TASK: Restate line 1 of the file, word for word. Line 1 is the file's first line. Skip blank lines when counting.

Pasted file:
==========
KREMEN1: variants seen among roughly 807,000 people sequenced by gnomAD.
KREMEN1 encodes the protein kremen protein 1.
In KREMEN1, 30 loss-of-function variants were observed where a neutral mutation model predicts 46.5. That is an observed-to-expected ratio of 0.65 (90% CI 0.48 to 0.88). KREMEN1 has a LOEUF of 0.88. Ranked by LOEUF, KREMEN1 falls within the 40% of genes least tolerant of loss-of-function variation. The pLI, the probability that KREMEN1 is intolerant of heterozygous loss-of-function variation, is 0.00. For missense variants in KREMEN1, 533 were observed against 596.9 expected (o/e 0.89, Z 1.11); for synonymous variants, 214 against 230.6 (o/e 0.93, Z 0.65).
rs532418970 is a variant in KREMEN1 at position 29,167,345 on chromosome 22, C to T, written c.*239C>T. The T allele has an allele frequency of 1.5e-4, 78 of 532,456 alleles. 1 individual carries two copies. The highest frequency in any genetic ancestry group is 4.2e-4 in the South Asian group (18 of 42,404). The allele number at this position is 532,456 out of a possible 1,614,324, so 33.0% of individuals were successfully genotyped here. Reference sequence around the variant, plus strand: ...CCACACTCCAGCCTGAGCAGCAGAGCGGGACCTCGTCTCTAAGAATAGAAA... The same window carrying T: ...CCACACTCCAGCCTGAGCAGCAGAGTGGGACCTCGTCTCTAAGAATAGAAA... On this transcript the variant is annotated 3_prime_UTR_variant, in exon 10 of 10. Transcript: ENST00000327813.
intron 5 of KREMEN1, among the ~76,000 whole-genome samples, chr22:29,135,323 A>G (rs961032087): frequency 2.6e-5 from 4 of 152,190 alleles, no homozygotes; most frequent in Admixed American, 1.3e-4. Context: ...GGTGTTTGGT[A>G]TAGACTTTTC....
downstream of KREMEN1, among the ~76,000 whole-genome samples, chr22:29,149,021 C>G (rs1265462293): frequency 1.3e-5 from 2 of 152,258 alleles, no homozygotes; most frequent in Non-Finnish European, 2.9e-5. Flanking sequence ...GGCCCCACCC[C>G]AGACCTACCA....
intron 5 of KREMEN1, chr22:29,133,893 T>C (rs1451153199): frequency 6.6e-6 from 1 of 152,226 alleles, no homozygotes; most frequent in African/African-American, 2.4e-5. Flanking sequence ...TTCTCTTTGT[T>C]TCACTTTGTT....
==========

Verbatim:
KREMEN1: variants seen among roughly 807,000 people sequenced by gnomAD.